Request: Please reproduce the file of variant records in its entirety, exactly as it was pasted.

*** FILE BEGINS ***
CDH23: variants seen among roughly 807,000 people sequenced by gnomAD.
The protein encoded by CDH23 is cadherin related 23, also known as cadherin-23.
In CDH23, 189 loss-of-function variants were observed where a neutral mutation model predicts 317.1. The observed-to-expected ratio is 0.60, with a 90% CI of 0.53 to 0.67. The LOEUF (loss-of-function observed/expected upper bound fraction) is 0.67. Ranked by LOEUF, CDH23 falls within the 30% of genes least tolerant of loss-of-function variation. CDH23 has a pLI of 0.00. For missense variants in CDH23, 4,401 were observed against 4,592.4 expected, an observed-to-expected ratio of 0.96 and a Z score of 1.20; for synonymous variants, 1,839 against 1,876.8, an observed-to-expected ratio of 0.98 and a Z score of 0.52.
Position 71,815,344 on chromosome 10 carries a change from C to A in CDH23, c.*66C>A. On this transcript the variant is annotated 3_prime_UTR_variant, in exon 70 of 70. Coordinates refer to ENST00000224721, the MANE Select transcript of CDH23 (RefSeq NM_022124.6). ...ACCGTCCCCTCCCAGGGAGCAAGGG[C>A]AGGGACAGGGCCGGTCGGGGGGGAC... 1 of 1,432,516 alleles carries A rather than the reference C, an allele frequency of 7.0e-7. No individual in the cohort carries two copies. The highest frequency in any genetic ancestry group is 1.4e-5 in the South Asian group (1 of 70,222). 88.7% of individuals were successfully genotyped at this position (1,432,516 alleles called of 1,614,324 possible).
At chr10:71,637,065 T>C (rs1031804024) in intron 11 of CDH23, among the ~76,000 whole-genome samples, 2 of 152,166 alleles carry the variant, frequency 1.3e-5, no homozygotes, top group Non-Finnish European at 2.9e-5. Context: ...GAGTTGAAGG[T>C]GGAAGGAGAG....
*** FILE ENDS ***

CDH23: variants seen among roughly 807,000 people sequenced by gnomAD.
The protein encoded by CDH23 is cadherin related 23, also known as cadherin-23.
In CDH23, 189 loss-of-function variants were observed where a neutral mutation model predicts 317.1. The observed-to-expected ratio is 0.60, with a 90% CI of 0.53 to 0.67. The LOEUF (loss-of-function observed/expected upper bound fraction) is 0.67. Ranked by LOEUF, CDH23 falls within the 30% of genes least tolerant of loss-of-function variation. CDH23 has a pLI of 0.00. For missense variants in CDH23, 4,401 were observed against 4,592.4 expected, an observed-to-expected ratio of 0.96 and a Z score of 1.20; for synonymous variants, 1,839 against 1,876.8, an observed-to-expected ratio of 0.98 and a Z score of 0.52.
Position 71,815,344 on chromosome 10 carries a change from C to A in CDH23, c.*66C>A. On this transcript the variant is annotated 3_prime_UTR_variant, in exon 70 of 70. Coordinates refer to ENST00000224721, the MANE Select transcript of CDH23 (RefSeq NM_022124.6). ...ACCGTCCCCTCCCAGGGAGCAAGGG[C>A]AGGGACAGGGCCGGTCGGGGGGGAC... 1 of 1,432,516 alleles carries A rather than the reference C, an allele frequency of 7.0e-7. No individual in the cohort carries two copies. The highest frequency in any genetic ancestry group is 1.4e-5 in the South Asian group (1 of 70,222). 88.7% of individuals were successfully genotyped at this position (1,432,516 alleles called of 1,614,324 possible).
At chr10:71,637,065 T>C (rs1031804024) in intron 11 of CDH23, among the ~76,000 whole-genome samples, 2 of 152,166 alleles carry the variant, frequency 1.3e-5, no homozygotes, top group Non-Finnish European at 2.9e-5. Context: ...GAGTTGAAGG[T>C]GGAAGGAGAG....